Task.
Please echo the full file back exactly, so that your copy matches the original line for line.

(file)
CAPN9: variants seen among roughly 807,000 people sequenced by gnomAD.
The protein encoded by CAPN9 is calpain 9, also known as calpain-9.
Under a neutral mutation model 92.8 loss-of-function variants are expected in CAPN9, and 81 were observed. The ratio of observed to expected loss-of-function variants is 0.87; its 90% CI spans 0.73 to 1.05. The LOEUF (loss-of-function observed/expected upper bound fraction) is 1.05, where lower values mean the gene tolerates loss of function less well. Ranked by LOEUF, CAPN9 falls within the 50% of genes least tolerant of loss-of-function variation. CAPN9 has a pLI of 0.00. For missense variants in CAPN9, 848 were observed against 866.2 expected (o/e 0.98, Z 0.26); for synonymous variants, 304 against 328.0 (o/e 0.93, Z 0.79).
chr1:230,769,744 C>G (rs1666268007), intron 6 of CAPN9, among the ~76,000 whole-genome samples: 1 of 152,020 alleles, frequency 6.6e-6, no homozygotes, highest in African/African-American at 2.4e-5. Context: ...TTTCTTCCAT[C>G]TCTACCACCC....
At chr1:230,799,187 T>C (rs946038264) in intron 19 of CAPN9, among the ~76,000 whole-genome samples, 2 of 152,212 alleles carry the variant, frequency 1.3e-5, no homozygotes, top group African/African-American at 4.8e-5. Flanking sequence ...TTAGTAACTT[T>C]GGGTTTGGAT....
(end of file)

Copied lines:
CAPN9: variants seen among roughly 807,000 people sequenced by gnomAD.
The protein encoded by CAPN9 is calpain 9, also known as calpain-9.
Under a neutral mutation model 92.8 loss-of-function variants are expected in CAPN9, and 81 were observed. The ratio of observed to expected loss-of-function variants is 0.87; its 90% CI spans 0.73 to 1.05. The LOEUF (loss-of-function observed/expected upper bound fraction) is 1.05, where lower values mean the gene tolerates loss of function less well. Ranked by LOEUF, CAPN9 falls within the 50% of genes least tolerant of loss-of-function variation. CAPN9 has a pLI of 0.00. For missense variants in CAPN9, 848 were observed against 866.2 expected (o/e 0.98, Z 0.26); for synonymous variants, 304 against 328.0 (o/e 0.93, Z 0.79).
chr1:230,769,744 C>G (rs1666268007), intron 6 of CAPN9, among the ~76,000 whole-genome samples: 1 of 152,020 alleles, frequency 6.6e-6, no homozygotes, highest in African/African-American at 2.4e-5. Context: ...TTTCTTCCAT[C>G]TCTACCACCC....
At chr1:230,799,187 T>C (rs946038264) in intron 19 of CAPN9, among the ~76,000 whole-genome samples, 2 of 152,212 alleles carry the variant, frequency 1.3e-5, no homozygotes, top group African/African-American at 4.8e-5. Flanking sequence ...TTAGTAACTT[T>C]GGGTTTGGAT....